Venting on BAexpats...

NomadTrader

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I am one of the quiet lurkers that occasionally visits this site.

I used to cringe a little reading the criticisms and complaints about Argentine society/politics/behaviors.

Something inside me used to think it was inappropriate and in poor taste to come to a forum -for foreigners- and talk about things we don't like about the locals.

I've spent half my adult life outside my home country. I've volunteered, worked, studied, and traveled all around the globe. I've always strived to be open to different perspectives and ways of thinking. After being in Argentina for 14 months straight. -My perspective has changed. I have come to realize that Argentina is a uniquely 'special' society. Maybe I'm just getting old in my thinking- but this is something I have strived hard to prevent.

I think a little venting is necessary and healthy part of living in Argentina as a foreigner. There is something very corrosive and toxic about this society. The paranoia, the fear, the xenophobia, the authoritarian impulse, the arrogant self-righteousness, the lack of consideration...I think it can drag you down if you don't find ways to cope.

That is all.
 

Wade K.

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I am one of the quiet lurkers that occasionally visits this site.

I used to cringe a little reading the criticisms and complaints about Argentine society/politics/behaviors.

Something inside me used to think it was inappropriate and in poor taste to come to a forum -for foreigners- and talk about things we don't like about the locals.

I've spent half my adult life outside my home country. I've volunteered, worked, studied, and traveled all around the globe. I've always strived to be open to different perspectives and ways of thinking. After being in Argentina for 14 months straight. -My perspective has changed. I have come to realize that Argentina is a uniquely 'special' society. Maybe I'm just getting old in my thinking- but this is something I have strived hard to prevent.

I think a little venting is necessary and healthy part of living in Argentina as a foreigner. There is something very corrosive and toxic about this society. The paranoia, the fear, the xenophobia, the authoritarian impulse, the arrogant self-righteousness, the lack of consideration...I think it can drag you down if you don't find ways to cope.

That is all.
Hey if you aren't the right kind of foreigner folks on the forum will vent about you too. :)
 

jblaze5779

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Yeah, you have to live here for at least a year to get past the tourist mindset and start realizing all the issues that exist. Once you start to live and work permanently and complete daily tasks like paying bills or getting a drivers license you realize how messed up things are.

I've visited over 30 countries in my travels and always thought the same thing "I could live here, this is awesome,.... why are people here complaining? " There is definitely a difference between tourist mindset and resident mindset.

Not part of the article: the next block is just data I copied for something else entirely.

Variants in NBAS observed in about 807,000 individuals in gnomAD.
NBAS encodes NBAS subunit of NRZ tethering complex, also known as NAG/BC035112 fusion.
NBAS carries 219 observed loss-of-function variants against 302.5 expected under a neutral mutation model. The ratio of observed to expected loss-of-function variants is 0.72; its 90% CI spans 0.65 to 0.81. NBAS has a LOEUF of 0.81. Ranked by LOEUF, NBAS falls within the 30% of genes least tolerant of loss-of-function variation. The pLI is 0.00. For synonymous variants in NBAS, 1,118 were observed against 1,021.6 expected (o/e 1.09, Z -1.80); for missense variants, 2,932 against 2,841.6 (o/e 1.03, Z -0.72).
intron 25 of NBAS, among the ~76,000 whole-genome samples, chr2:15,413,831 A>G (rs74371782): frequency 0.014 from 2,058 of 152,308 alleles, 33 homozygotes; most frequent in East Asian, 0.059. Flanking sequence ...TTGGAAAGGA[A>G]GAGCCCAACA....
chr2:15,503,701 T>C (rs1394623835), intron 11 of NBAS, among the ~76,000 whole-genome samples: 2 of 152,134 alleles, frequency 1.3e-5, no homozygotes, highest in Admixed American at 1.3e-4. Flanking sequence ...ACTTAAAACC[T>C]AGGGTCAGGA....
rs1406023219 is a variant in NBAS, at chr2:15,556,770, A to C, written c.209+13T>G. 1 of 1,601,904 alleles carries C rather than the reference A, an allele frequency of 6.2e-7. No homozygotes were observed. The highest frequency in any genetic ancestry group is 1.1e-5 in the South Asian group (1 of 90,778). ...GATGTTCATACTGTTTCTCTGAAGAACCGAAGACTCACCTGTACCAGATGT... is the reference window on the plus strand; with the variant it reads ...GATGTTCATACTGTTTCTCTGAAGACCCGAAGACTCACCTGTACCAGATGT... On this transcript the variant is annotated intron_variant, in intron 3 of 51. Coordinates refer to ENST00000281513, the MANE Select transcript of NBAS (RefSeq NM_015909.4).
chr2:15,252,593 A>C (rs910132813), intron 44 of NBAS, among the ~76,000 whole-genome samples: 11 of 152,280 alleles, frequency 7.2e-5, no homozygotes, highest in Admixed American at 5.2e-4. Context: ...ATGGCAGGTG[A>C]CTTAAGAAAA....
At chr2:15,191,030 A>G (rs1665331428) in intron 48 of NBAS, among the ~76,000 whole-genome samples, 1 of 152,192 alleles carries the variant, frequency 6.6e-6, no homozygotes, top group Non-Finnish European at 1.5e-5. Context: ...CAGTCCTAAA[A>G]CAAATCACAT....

Before I came I read that Argentines are the biggest users of mental health services. After being here for a couple years I know exactly why. This shit drives me crazy and it would be 1000 times worse if I knew I was stuck here with no other citizenship options. For me blowing off steam online has a similar effect on me.

If anything, this experience makes me appreciate the freedoms and modern lifestyle that I enjoy in my home country. People ask me what the best thing about living in Argentina is and I tell them it makes you realize how easy and convenient life is in the states. Lots of people back home like to complain about everything but I think they have no idea what the alternatives really are. People would be outraged if they missed their flight because a group of people were blocking the roads for 3 days or if their amazon prime order couldn't get there the same day because the distribution center was taken over by the local mob union.
 

Frank2000

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I am one of the quiet lurkers that occasionally visits this site.

I used to cringe a little reading the criticisms and complaints about Argentine society/politics/behaviors.

Something inside me used to think it was inappropriate and in poor taste to come to a forum -for foreigners- and talk about things we don't like about the locals.

I've spent half my adult life outside my home country. I've volunteered, worked, studied, and traveled all around the globe. I've always strived to be open to different perspectives and ways of thinking. After being in Argentina for 14 months straight. -My perspective has changed. I have come to realize that Argentina is a uniquely 'special' society. Maybe I'm just getting old in my thinking- but this is something I have strived hard to prevent.